When it comes to petroleum geology, Saudi Arabia is home to some of the best in the world. Much of this geology is located in remote, inhospitable places. But that hasn't stopped us from meeting those challenges and investing in projects that help meet global energy demand.
In the 1940s and '50s, our geologists were trying to piece together a puzzle: What was the full extent of the Kingdom's subsurface petroleum structures? Our early explorers delved into some of the harshest, most desolate environments in the world to answer this question. In 1948 they discovered the Ghawar field – the largest crude oil field in the world – on the edge of the Rub' al-Khali. But what lay undiscovered beyond it, deep in the heart of the Empty Quarter?
We set out on a journey of discovery into the most unforgiving terrain and the most inaccessible area in which we had ever searched for oil.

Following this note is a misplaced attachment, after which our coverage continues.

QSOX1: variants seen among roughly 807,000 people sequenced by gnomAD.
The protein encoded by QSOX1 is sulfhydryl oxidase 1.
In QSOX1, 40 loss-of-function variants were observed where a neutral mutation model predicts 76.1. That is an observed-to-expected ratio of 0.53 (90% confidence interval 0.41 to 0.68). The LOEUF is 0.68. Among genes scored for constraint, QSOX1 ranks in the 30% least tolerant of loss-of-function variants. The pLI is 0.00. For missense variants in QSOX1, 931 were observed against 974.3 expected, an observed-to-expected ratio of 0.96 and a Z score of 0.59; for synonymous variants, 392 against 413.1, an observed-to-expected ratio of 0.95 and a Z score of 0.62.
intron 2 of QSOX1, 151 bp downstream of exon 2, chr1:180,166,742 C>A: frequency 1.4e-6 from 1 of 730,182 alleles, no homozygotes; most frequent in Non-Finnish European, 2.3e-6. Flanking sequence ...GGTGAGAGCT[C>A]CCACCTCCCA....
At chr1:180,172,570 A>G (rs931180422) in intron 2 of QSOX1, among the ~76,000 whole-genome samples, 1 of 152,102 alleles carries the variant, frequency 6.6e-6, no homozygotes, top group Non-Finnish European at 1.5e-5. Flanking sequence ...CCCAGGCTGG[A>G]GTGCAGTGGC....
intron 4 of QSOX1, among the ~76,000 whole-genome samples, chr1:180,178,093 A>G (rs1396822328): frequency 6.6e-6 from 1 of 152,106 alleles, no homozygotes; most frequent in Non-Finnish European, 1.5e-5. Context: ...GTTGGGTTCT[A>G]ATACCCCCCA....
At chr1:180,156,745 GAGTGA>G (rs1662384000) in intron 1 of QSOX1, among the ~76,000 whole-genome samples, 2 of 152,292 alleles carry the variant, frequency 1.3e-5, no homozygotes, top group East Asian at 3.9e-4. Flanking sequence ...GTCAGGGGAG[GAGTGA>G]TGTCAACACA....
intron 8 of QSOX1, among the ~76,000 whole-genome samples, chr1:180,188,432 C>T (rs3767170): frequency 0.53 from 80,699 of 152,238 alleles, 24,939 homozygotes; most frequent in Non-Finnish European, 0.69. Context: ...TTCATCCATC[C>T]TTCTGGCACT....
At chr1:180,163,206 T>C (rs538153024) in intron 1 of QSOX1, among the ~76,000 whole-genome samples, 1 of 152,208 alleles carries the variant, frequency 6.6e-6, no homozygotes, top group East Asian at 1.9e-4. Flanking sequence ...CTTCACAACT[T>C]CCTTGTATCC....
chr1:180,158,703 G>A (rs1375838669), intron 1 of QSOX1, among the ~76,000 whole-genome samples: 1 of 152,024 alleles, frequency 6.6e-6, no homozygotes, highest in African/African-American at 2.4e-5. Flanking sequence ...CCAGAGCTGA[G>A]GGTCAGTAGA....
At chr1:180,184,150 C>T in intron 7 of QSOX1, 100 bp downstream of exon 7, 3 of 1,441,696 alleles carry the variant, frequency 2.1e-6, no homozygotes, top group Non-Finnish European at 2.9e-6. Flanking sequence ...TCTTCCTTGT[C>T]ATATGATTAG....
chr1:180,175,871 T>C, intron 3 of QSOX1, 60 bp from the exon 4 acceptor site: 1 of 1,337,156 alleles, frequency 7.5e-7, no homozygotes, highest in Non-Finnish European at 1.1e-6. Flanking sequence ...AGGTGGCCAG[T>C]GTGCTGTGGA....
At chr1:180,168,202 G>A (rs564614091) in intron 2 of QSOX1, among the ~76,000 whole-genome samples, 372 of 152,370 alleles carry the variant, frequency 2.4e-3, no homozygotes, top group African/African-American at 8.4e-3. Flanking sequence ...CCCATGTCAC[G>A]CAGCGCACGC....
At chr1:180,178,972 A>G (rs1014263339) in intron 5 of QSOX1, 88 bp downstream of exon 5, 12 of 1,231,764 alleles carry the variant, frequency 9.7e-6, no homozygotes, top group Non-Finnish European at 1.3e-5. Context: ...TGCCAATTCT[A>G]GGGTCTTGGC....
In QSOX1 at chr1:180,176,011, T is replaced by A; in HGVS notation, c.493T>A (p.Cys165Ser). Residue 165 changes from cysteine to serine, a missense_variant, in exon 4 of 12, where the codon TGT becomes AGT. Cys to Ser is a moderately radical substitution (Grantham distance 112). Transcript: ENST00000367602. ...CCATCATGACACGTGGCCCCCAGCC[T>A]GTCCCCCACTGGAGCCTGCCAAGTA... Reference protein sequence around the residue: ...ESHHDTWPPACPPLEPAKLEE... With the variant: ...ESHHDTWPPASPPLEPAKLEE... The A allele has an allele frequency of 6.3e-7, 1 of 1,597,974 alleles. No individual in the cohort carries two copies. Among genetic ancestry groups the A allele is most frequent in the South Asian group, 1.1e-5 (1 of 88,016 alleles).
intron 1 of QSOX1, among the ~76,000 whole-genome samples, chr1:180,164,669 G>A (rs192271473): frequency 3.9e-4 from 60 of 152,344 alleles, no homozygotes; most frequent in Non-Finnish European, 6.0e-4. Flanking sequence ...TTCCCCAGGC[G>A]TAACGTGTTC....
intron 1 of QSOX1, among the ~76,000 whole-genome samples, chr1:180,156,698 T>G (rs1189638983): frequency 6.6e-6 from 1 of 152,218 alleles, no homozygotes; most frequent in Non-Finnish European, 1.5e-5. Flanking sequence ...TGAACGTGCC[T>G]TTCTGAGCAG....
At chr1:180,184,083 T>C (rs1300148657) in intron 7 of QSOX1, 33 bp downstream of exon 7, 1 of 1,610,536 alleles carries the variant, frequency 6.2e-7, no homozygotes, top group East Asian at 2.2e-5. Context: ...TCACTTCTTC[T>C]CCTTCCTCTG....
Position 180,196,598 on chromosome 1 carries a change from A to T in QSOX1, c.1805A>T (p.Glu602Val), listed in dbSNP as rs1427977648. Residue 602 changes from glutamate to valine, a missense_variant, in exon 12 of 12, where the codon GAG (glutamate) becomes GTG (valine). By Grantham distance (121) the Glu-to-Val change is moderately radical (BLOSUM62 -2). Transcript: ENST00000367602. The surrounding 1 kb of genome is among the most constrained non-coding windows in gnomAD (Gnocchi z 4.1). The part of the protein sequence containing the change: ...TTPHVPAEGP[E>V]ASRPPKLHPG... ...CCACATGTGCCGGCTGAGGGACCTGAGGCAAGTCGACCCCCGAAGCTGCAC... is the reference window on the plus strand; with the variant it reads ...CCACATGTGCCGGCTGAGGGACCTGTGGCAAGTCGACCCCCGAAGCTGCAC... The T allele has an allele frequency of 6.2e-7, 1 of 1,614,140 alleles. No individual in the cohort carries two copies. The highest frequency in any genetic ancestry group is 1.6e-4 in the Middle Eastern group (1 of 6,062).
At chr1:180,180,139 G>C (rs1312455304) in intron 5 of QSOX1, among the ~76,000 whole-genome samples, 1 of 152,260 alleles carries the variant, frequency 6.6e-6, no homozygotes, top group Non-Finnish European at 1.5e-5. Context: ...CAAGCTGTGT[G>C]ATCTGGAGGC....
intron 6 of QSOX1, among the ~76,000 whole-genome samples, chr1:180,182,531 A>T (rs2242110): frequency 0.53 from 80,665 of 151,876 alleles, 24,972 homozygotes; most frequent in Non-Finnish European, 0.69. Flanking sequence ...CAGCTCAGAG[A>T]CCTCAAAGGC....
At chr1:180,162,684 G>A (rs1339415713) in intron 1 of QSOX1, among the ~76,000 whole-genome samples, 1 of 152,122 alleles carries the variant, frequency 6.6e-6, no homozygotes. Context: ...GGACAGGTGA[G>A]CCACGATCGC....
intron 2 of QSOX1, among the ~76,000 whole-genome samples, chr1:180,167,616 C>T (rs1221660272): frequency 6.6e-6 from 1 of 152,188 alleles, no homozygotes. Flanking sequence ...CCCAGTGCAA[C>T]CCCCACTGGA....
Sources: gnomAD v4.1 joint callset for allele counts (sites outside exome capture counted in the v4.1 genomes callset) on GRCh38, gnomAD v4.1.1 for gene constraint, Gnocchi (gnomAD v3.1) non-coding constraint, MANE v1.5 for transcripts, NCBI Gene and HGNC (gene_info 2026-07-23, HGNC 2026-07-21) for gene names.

Finding the hidden treasure
In 1968, in the middle of Rub' al-Khali desert, approximately over 500 miles from our headquarters in Dhahran, the search paid off. We discovered a vast oil field, guarded by dunes of red and golden sand 1000 feet (333 m) tall and regularly buffeted by winds of up to 80 kmph (50 mph). And where temperature in summer routinely reaches 122 degrees Fahrenheit (50 degrees Celsius). The terrain, climate, and complexity of logistics, however, meant that development was out of the question, so the field lay silent for another thirty years.